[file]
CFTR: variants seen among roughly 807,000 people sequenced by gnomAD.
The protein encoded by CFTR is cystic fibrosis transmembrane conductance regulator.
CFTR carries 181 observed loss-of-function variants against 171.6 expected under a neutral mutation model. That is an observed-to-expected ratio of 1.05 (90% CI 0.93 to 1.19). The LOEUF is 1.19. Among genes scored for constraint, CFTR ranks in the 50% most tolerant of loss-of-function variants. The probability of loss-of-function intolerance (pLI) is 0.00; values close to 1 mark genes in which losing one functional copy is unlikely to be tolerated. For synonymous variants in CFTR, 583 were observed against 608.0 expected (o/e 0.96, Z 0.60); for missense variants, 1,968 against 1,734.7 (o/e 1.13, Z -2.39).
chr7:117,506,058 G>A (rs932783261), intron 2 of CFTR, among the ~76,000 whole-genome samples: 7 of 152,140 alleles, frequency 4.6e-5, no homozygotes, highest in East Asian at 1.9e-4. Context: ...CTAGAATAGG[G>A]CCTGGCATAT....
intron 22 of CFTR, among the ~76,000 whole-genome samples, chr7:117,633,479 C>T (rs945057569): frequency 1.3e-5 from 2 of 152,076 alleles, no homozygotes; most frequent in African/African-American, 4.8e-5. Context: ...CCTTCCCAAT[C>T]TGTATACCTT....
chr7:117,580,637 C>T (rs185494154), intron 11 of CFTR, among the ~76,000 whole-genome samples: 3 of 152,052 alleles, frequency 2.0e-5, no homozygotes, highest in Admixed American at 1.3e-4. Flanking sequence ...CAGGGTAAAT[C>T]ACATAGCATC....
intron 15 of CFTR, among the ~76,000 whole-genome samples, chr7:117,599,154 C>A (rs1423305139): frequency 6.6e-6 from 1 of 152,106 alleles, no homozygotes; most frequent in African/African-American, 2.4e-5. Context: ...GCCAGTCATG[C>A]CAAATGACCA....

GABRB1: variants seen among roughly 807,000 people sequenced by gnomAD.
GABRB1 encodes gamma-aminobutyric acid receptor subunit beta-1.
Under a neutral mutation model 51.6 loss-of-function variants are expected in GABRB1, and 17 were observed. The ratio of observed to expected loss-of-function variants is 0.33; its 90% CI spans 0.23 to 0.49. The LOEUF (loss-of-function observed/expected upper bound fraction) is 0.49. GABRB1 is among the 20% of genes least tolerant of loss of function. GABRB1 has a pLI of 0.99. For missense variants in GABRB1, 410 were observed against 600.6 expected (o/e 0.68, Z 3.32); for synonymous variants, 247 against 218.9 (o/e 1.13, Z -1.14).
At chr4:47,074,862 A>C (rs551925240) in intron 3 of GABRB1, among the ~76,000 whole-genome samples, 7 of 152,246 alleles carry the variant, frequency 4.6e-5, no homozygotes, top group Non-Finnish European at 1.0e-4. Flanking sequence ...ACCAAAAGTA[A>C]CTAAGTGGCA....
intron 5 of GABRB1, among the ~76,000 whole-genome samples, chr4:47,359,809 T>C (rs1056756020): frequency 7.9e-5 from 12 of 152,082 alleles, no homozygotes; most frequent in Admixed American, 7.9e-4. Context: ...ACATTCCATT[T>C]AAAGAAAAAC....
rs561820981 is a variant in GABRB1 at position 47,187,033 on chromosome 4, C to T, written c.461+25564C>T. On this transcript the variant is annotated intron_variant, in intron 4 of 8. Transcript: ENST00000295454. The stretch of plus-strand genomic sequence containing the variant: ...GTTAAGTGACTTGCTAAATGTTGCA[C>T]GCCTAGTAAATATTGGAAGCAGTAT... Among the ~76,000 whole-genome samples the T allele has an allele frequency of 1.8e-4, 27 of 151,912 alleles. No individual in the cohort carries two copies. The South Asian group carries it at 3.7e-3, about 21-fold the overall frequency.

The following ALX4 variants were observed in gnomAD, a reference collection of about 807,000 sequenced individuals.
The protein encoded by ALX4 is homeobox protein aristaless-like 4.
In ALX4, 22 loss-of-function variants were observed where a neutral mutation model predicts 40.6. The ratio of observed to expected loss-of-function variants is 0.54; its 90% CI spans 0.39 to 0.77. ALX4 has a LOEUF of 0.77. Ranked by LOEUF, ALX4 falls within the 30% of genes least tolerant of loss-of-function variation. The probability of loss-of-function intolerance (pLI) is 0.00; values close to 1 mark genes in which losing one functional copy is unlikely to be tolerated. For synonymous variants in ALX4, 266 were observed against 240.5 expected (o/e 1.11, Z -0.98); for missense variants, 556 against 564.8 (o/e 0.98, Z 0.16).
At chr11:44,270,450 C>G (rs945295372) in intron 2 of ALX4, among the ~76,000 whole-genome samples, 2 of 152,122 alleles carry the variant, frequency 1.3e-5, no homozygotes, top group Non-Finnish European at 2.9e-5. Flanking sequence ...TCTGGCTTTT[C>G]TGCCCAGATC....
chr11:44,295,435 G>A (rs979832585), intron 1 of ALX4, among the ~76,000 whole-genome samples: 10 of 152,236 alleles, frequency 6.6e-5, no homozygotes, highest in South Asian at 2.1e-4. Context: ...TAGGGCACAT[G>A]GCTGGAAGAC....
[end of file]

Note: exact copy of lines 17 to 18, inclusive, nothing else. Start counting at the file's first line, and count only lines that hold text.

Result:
At chr11:44,270,450 C>G (rs945295372) in intron 2 of ALX4, among the ~76,000 whole-genome samples, 2 of 152,122 alleles carry the variant, frequency 1.3e-5, no homozygotes, top group Non-Finnish European at 2.9e-5. Flanking sequence ...TCTGGCTTTT[C>G]TGCCCAGATC....
chr11:44,295,435 G>A (rs979832585), intron 1 of ALX4, among the ~76,000 whole-genome samples: 10 of 152,236 alleles, frequency 6.6e-5, no homozygotes, highest in South Asian at 2.1e-4. Context: ...TAGGGCACAT[G>A]GCTGGAAGAC....